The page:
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Latino Ministry

Auxiliary Bishop Andrew H. Cozzens of St. Paul and Minneapolis poses for a photo Sept. 20 with delegates prior to the start of the Fifth National Encuentro, or V Encuentro, in Grapevine, Texas.


V National Encuentro
of Hispanic/Latino Ministry

More than 3,000 Hispanic delegates from Catholic dioceses around the United States returned from the National V Encuentro in Grapevine, Texas, energized by their participation and ready to share their experiences with those they represented.

Inspired by the call to become "Missionary Disciples, Witnesses of God's Love," the delegates gathered Sept. 20-23 to discern ways in which the U.S. Church can help Hispanic Catholics strengthen their Christian identity and their response as missionary discipleship for the entire Church. Representing 163 dioceses, the delegates presented the concerns and suggestions voiced by more than 250,000 Catholic Hispanics who participated in parish, diocesan and regional sessions in the two years leading up to the national conference.

Addressing needs of Hispanic youth and young adults

In four breakout sessions, delegates discussed and prioritized the ways the U.S. Church can strengthen its pastoral response to Hispanic Catholics. In the final session, delegates identified best practices in 28 ministerial areas. The goals discerned through the V Encuentro process reveal the importance placed on addressing the needs of Hispanic youths and young adults, who now make up 60 percent of Catholics in their age group. In the final session, delegates identified Leadership Development, Family Ministry and Youth and Young Adult Ministry as the highest priorities.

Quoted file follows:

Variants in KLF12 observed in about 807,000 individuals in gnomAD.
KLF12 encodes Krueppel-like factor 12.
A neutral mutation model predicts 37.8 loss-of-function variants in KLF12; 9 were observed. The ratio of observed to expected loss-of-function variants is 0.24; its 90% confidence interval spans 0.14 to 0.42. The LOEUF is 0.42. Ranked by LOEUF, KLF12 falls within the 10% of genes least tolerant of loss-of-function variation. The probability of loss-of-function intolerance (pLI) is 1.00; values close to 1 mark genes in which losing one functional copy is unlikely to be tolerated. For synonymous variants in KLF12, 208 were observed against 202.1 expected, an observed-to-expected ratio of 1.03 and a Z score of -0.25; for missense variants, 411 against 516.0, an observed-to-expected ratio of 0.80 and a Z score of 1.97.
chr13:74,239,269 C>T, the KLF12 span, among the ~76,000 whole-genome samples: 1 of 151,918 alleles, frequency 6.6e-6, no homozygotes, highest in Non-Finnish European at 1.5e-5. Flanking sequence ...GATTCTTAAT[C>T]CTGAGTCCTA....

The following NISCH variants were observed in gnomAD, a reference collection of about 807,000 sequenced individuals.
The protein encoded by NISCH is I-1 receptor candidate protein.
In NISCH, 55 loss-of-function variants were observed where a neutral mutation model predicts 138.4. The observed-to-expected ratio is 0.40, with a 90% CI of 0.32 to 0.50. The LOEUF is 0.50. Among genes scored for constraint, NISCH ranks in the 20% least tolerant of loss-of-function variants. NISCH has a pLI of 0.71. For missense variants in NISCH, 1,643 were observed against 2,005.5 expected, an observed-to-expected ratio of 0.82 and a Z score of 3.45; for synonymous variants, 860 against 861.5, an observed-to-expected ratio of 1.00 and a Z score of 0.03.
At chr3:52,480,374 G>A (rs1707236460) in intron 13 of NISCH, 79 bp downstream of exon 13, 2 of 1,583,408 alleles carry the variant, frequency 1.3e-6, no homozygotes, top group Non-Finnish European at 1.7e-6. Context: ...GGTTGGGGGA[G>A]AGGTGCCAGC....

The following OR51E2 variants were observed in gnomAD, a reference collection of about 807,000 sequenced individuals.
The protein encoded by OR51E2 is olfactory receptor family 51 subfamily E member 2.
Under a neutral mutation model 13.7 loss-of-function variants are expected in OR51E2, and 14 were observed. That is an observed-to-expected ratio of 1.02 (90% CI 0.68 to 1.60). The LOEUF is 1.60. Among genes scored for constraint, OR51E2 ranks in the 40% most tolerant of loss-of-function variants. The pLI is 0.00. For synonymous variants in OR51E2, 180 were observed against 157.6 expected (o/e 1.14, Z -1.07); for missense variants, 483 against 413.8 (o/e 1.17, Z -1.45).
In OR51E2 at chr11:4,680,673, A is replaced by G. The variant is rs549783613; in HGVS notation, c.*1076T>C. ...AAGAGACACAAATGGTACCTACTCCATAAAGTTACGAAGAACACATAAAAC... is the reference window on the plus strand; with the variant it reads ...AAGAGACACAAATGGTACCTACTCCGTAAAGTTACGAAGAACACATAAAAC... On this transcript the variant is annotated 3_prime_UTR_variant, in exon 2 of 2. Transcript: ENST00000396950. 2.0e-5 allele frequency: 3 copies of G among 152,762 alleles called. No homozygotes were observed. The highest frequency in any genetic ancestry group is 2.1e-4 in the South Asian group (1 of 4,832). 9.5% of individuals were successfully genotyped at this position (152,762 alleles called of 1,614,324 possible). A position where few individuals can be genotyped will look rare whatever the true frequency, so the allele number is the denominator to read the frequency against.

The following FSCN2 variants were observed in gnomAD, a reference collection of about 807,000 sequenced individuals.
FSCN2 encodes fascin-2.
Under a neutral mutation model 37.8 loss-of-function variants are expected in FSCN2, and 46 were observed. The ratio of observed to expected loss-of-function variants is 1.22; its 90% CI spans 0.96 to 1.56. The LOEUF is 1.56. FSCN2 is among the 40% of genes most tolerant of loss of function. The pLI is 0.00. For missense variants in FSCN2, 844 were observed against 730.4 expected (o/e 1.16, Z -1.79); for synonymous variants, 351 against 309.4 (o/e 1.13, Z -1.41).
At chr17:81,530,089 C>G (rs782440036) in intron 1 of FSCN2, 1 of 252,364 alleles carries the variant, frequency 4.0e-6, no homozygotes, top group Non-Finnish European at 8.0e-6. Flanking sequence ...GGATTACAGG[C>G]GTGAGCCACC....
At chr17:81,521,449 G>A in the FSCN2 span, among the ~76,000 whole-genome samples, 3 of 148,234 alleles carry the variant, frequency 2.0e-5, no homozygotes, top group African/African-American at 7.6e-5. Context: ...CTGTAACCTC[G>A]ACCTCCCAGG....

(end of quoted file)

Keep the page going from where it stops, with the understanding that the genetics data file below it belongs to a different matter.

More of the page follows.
A key experience for many participants was the dinner for young adults with the more than 100 bishops who attended V Encuentro. The 700 young adults participating had an opportunity to converse directly with the bishops and express their interest in being involved and included in leadership in the Church. The bishops, in the words of Archbishop Gustavo Garcia-Siller of San Antonio, are encouraged by “the enthusiasm and courage, witness of faith and commitment to the Church” expressed by the young delegates during this session.
Delegates are charged with returning to their parishes and dioceses and inviting their communities to discern ways the goals can be achieved locally and preparing pastoral plans guided by the concluding document from the conference.

Effects already being felt

The effects of V Encuentro are already rippling through the U.S. Church. According to Bishop Nelson Perez, bishop of Cleveland and chairman of the U.S. Conference of Catholic Bishops’ Subcommittee on Hispanic Affairs, 288 parishes have started Hispanic ministry as a direct result of the local preparation for the national event. He reported that more than 50 dioceses have added staff dedicated to Hispanic ministry, including 35 that have added additional pastoral staff.

Following the close of the conference, Archbishop Garcia-Siller stated, “The V Encuentro process, and [e]specially the national gathering, will go down in history as a special moment of grace for the Church in the United States in these turbulent and difficult times. As Cardinal Daniel DiNardo, president of the U.S. Conference of Catholic Bishops, aptly put it in his welcoming remarks: ‘Amidst this darkness, the Encuentro is a light that shines and illuminates the way forward. The enthusiasm, the passion, the love and the joy of the Encuentro process are a means of grace, a gift to us as we rebuild the Church.’”